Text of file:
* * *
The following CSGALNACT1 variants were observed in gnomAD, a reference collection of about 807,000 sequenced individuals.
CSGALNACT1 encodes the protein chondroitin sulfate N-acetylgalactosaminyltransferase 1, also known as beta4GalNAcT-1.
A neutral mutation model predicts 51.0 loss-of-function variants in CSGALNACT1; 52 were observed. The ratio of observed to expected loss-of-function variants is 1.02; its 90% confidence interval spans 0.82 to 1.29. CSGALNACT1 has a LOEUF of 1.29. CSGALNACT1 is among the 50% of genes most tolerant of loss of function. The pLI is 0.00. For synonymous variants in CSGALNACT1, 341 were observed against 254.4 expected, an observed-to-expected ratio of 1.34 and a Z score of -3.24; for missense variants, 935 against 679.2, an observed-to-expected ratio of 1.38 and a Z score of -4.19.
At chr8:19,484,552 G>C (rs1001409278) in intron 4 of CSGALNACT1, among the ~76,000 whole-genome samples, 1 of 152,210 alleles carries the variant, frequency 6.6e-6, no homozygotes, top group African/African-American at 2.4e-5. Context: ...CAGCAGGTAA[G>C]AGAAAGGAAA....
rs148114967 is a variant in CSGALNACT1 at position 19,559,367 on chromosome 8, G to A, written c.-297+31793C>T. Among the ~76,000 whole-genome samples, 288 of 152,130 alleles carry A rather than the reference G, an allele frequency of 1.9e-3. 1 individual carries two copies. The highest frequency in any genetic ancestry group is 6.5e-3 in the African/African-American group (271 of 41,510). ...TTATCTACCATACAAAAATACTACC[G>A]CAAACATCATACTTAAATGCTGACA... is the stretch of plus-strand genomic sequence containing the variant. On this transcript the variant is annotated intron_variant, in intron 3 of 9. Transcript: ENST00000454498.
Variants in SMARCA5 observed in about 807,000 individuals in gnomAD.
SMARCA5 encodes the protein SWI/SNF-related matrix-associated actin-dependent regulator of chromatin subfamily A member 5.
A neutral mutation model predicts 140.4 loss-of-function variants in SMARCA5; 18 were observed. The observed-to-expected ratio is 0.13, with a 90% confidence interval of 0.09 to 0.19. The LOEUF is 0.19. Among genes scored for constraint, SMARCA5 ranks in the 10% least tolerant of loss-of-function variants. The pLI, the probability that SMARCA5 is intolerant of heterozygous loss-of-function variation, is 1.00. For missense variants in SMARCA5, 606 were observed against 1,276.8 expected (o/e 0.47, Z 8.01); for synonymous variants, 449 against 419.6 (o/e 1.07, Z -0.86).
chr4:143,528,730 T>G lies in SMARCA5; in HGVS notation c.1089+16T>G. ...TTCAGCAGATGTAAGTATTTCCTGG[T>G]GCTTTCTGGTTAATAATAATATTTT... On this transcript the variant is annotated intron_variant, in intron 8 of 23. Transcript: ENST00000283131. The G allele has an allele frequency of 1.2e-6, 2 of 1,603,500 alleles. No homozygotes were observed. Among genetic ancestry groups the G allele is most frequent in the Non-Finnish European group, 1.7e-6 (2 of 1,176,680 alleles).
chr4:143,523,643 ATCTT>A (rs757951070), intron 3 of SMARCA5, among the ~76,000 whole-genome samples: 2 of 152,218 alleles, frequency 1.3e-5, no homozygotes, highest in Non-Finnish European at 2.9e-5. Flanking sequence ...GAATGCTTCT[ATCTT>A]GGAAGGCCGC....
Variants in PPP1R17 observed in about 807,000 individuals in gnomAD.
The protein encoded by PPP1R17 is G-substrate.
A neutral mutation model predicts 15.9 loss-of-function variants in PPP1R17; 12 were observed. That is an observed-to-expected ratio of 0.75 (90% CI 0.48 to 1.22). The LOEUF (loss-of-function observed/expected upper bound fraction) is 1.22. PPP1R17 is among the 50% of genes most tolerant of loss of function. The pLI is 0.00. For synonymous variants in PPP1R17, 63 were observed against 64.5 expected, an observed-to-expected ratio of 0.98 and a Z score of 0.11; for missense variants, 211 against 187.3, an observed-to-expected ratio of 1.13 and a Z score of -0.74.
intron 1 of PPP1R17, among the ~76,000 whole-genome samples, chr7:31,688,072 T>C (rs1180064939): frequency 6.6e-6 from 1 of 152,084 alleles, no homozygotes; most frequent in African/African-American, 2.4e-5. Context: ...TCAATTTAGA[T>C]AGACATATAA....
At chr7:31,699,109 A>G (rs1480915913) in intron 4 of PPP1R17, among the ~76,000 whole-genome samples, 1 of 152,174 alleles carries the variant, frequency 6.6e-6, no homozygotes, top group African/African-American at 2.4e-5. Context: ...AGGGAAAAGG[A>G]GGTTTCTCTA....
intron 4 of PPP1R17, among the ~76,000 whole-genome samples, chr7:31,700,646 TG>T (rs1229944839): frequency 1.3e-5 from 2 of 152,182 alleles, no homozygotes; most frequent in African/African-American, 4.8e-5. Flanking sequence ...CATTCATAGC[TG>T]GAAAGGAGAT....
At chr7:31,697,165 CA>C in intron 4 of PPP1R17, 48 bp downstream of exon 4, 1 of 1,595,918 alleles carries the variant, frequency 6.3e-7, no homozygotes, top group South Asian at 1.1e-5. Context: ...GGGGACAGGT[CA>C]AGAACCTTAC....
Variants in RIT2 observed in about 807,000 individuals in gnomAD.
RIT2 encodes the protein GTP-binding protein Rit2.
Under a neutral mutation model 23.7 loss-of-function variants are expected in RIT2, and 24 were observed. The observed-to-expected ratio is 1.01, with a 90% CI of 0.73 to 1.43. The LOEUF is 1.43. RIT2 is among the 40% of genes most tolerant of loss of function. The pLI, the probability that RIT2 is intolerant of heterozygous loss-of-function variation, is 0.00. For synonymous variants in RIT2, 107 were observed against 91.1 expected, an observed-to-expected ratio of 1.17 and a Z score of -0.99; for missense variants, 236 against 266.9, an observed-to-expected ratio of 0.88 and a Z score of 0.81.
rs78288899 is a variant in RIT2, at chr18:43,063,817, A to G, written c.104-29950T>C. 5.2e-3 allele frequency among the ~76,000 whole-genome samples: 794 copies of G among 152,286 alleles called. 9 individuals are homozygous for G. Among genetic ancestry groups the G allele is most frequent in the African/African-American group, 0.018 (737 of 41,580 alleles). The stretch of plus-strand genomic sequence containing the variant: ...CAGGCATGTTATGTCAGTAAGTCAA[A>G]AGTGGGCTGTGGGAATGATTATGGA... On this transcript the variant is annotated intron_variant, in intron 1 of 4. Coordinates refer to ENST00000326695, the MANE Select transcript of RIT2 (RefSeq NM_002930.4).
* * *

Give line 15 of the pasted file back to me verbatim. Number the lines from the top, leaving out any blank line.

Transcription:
At chr7:31,699,109 A>G (rs1480915913) in intron 4 of PPP1R17, among the ~76,000 whole-genome samples, 1 of 152,174 alleles carries the variant, frequency 6.6e-6, no homozygotes, top group African/African-American at 2.4e-5. Context: ...AGGGAAAAGG[A>G]GGTTTCTCTA....